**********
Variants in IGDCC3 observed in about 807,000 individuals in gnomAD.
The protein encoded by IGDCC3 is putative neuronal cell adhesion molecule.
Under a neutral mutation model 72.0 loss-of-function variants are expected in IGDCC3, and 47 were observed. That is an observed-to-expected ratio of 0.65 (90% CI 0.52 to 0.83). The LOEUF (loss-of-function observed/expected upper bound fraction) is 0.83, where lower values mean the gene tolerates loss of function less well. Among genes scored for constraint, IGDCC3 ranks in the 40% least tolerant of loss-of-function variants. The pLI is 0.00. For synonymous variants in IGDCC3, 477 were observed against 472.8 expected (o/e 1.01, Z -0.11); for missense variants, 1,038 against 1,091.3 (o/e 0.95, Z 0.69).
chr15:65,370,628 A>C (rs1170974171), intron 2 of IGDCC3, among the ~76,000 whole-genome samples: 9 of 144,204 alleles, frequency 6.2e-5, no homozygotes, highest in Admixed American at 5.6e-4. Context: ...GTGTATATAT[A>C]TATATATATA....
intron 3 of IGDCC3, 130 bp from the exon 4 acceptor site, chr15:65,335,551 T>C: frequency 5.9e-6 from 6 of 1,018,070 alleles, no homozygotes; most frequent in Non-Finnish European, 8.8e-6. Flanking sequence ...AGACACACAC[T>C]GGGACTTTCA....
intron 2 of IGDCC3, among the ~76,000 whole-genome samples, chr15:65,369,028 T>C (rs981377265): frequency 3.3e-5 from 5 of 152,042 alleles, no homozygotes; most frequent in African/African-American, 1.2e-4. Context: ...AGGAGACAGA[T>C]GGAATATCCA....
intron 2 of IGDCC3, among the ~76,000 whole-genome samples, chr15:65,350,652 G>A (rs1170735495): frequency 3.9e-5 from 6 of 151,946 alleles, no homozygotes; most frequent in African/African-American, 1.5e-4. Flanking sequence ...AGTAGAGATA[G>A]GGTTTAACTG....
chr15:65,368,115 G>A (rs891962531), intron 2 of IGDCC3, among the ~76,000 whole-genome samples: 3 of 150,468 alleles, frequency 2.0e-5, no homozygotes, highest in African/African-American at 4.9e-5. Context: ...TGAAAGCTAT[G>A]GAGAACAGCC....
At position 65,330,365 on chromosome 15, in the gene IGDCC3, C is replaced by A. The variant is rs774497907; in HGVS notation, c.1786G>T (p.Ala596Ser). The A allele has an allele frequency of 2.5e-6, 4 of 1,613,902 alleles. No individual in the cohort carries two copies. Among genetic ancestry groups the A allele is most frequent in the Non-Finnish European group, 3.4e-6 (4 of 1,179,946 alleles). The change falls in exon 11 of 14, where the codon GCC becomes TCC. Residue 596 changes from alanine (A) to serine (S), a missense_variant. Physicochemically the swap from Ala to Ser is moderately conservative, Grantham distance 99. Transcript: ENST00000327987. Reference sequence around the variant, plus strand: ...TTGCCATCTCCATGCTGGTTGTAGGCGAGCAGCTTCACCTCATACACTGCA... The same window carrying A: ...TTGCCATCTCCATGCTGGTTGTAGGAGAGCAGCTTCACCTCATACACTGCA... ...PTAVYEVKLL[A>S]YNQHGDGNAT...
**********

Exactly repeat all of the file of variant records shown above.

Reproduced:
Variants in IGDCC3 observed in about 807,000 individuals in gnomAD.
The protein encoded by IGDCC3 is putative neuronal cell adhesion molecule.
Under a neutral mutation model 72.0 loss-of-function variants are expected in IGDCC3, and 47 were observed. That is an observed-to-expected ratio of 0.65 (90% CI 0.52 to 0.83). The LOEUF (loss-of-function observed/expected upper bound fraction) is 0.83, where lower values mean the gene tolerates loss of function less well. Among genes scored for constraint, IGDCC3 ranks in the 40% least tolerant of loss-of-function variants. The pLI is 0.00. For synonymous variants in IGDCC3, 477 were observed against 472.8 expected (o/e 1.01, Z -0.11); for missense variants, 1,038 against 1,091.3 (o/e 0.95, Z 0.69).
chr15:65,370,628 A>C (rs1170974171), intron 2 of IGDCC3, among the ~76,000 whole-genome samples: 9 of 144,204 alleles, frequency 6.2e-5, no homozygotes, highest in Admixed American at 5.6e-4. Context: ...GTGTATATAT[A>C]TATATATATA....
intron 3 of IGDCC3, 130 bp from the exon 4 acceptor site, chr15:65,335,551 T>C: frequency 5.9e-6 from 6 of 1,018,070 alleles, no homozygotes; most frequent in Non-Finnish European, 8.8e-6. Flanking sequence ...AGACACACAC[T>C]GGGACTTTCA....
intron 2 of IGDCC3, among the ~76,000 whole-genome samples, chr15:65,369,028 T>C (rs981377265): frequency 3.3e-5 from 5 of 152,042 alleles, no homozygotes; most frequent in African/African-American, 1.2e-4. Context: ...AGGAGACAGA[T>C]GGAATATCCA....
intron 2 of IGDCC3, among the ~76,000 whole-genome samples, chr15:65,350,652 G>A (rs1170735495): frequency 3.9e-5 from 6 of 151,946 alleles, no homozygotes; most frequent in African/African-American, 1.5e-4. Flanking sequence ...AGTAGAGATA[G>A]GGTTTAACTG....
chr15:65,368,115 G>A (rs891962531), intron 2 of IGDCC3, among the ~76,000 whole-genome samples: 3 of 150,468 alleles, frequency 2.0e-5, no homozygotes, highest in African/African-American at 4.9e-5. Context: ...TGAAAGCTAT[G>A]GAGAACAGCC....
At position 65,330,365 on chromosome 15, in the gene IGDCC3, C is replaced by A. The variant is rs774497907; in HGVS notation, c.1786G>T (p.Ala596Ser). The A allele has an allele frequency of 2.5e-6, 4 of 1,613,902 alleles. No individual in the cohort carries two copies. Among genetic ancestry groups the A allele is most frequent in the Non-Finnish European group, 3.4e-6 (4 of 1,179,946 alleles). The change falls in exon 11 of 14, where the codon GCC becomes TCC. Residue 596 changes from alanine (A) to serine (S), a missense_variant. Physicochemically the swap from Ala to Ser is moderately conservative, Grantham distance 99. Transcript: ENST00000327987. Reference sequence around the variant, plus strand: ...TTGCCATCTCCATGCTGGTTGTAGGCGAGCAGCTTCACCTCATACACTGCA... The same window carrying A: ...TTGCCATCTCCATGCTGGTTGTAGGAGAGCAGCTTCACCTCATACACTGCA... ...PTAVYEVKLL[A>S]YNQHGDGNAT...